In any other country, the music of the 19th-century German composer Richard Wagner is heard as just that -- as music. In Israel, his music has been in effect drowned out by debate on whether the works of a musical genius adopted by the Nazis as a symbol of German greatness should be performed in the Jewish state.
The controversy, which has dominated newspaper editorials and radio talk shows, is less about Wagner than about how Israel memorializes the Holocaust. Israelis dispute whether a public performance of Wagner's music would demonstrate gross insensitivity to those who survived the Nazis' attempt to exterminate European Jewry or whether the performance would be a proof of national self-confidence and maturity. Can Israelis trust themselves to remember the past? Or does enjoyment of Wagner's music imply a shameful forgetfulness?
Israelis have decided against testing themselves, at least for now. A performance by the Israel Philharmonic Orchestra of some of Wagner's greatest works was to have taken place Friday. It was canceled after protests by orchestra members, Holocaust survivors and members of parliament. Guest conductor Daniel Barenboim had to settle for allowing a few members of the public to attend a rehearsal for the concert that was never held.
Mr. Barenboim, who is an Israeli citizen, is credited for touching off the uproar, and strongly criticized for doing so. The Wagner program was his idea. A majority of the orchestra members belonging to a governing board voted in favor of his proposal.
Mr. Barenboim's critics accused him of raising the issue only to satisfy what they called an outsized appetite for publicity. But he would seem already assured of being awash in it as the new music director of the Chicago Symphony Orchestra and artistic director of the Unter der Linden Opera in Berlin.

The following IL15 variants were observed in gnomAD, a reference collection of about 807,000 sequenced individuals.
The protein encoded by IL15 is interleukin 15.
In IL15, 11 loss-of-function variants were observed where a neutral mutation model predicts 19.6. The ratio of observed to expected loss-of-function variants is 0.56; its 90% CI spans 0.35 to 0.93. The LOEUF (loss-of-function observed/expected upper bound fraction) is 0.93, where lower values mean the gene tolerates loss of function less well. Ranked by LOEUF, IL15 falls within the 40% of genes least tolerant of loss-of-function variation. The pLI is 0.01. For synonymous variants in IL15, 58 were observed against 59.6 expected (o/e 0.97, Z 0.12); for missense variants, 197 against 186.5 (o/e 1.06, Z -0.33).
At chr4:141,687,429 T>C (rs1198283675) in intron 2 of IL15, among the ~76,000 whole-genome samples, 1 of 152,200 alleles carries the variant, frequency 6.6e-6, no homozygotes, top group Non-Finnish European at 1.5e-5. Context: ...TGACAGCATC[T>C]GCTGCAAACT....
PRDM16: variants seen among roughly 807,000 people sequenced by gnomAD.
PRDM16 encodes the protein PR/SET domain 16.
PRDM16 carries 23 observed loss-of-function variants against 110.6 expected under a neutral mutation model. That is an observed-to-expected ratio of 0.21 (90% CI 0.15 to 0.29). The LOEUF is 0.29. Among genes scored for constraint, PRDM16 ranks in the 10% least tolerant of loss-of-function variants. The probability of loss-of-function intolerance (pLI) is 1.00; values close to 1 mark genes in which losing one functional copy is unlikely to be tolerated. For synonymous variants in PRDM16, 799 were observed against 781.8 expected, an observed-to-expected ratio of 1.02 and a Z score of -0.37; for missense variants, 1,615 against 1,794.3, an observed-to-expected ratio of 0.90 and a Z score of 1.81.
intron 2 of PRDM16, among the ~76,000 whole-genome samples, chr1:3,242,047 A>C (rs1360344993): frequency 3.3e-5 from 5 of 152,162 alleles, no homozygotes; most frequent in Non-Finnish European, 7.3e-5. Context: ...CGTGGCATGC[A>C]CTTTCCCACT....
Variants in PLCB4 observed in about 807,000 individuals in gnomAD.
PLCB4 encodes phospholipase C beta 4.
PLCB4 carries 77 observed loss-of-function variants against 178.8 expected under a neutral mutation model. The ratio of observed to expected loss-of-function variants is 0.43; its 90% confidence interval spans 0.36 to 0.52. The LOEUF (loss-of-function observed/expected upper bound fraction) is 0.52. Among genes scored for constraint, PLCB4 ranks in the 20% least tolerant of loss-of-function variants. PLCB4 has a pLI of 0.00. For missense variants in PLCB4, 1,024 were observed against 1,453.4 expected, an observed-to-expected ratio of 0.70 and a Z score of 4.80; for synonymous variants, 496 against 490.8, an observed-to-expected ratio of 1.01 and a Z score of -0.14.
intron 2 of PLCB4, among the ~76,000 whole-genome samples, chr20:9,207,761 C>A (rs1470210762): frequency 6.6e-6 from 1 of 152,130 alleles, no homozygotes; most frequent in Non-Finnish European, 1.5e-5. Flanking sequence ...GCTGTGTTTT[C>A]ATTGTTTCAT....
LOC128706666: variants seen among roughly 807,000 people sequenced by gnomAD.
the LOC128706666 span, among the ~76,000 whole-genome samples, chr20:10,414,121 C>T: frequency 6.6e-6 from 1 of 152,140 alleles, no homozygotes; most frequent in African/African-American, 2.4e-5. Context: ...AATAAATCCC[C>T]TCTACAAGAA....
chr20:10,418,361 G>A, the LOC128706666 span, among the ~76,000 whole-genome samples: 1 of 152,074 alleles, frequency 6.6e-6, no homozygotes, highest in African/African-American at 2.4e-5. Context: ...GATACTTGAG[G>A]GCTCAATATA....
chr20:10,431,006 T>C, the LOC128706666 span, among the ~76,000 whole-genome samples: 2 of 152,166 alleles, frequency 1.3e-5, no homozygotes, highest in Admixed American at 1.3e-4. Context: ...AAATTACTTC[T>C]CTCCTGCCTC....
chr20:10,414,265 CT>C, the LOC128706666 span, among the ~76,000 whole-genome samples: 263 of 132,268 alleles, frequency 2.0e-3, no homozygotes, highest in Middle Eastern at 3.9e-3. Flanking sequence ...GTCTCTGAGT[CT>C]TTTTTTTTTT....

Wagner has not been performed here since a concert conducted by Arturo Toscanini in 1938. It was before the Nazis began their wholesale slaughter of Jews, a decade before the establishment of Israel.
"The orchestra has been wanting to play Wagner for a long
period of time because he is a very important figure in musical history," said Yehoshua Pasternak, a trombonist and head of the the Philharmonic's committee of musicians. "Mr. Barenboim asked if we were ready."
Wagner is possibly the ultimate test for anyone in favor of appreciation for an artist's creations remaining unaffected by knowledge of the artist's life. Wagner's musical talents are universally recognized as enormous. His political philosophy is recognized today as abhorrent.
Born in 1813, Wagner combined music and drama in new ways, and on a monumental scale, culminating in "Der Ring des Nibelungen" and "Parsifal," completed shortly before his death in 1883. He was a widely read essayist and a talented conductor. He was a favorite of the king of Bavaria, who subsidized his
work. And, as expressed in his essays and correspondence, the composer also had a startling hostility toward Jews.
Wagner complained that Jews were ruining Germany. They were incapable of true artistic creativity, he said; their liturgical music was "nonsensical gurgling." He said their failure to assimilate into German culture held back the greatness of the German people. He also warned that assimilation would contaminate the German race.
After the composer's death, his best-known admirer was Hitler. He adopted Wagnerian music, and parts of Wagner's philosophy, as anthems for the Nazis.
In Israel, Wagner has remained more of a symbol than a musician. Israelis can buy German-made automobiles without a second thought, and their government can accept German loans and grants (including billions of dollars in war reparations). The Philharmonic can perform in Germany about as frequently as it performs in the United States.
Abraham Melamed, one of the orchestra's violinists, learned about the composer when growing up in Romania before World War II. He then spent much of the war in a concentration camp. "I knew Wagner's music when I was young, and later I read a little bit about it," he said. "I decided I didn't want to have anything to do with him." Of the 110 full-time orchestra members, Mr. Melamed was one of about 20 to decide to absent himself from any Wagner program.
Holocaust survivors were not the only persons to object. Most of the people telephoning talk shows or writing letters to protest against the concert were born decades after World War II. They spoke of wanting to honor the memory of grandparents. Some hinted at anxiety that a Wagner performance would suggest that Israel could forget, or forgive.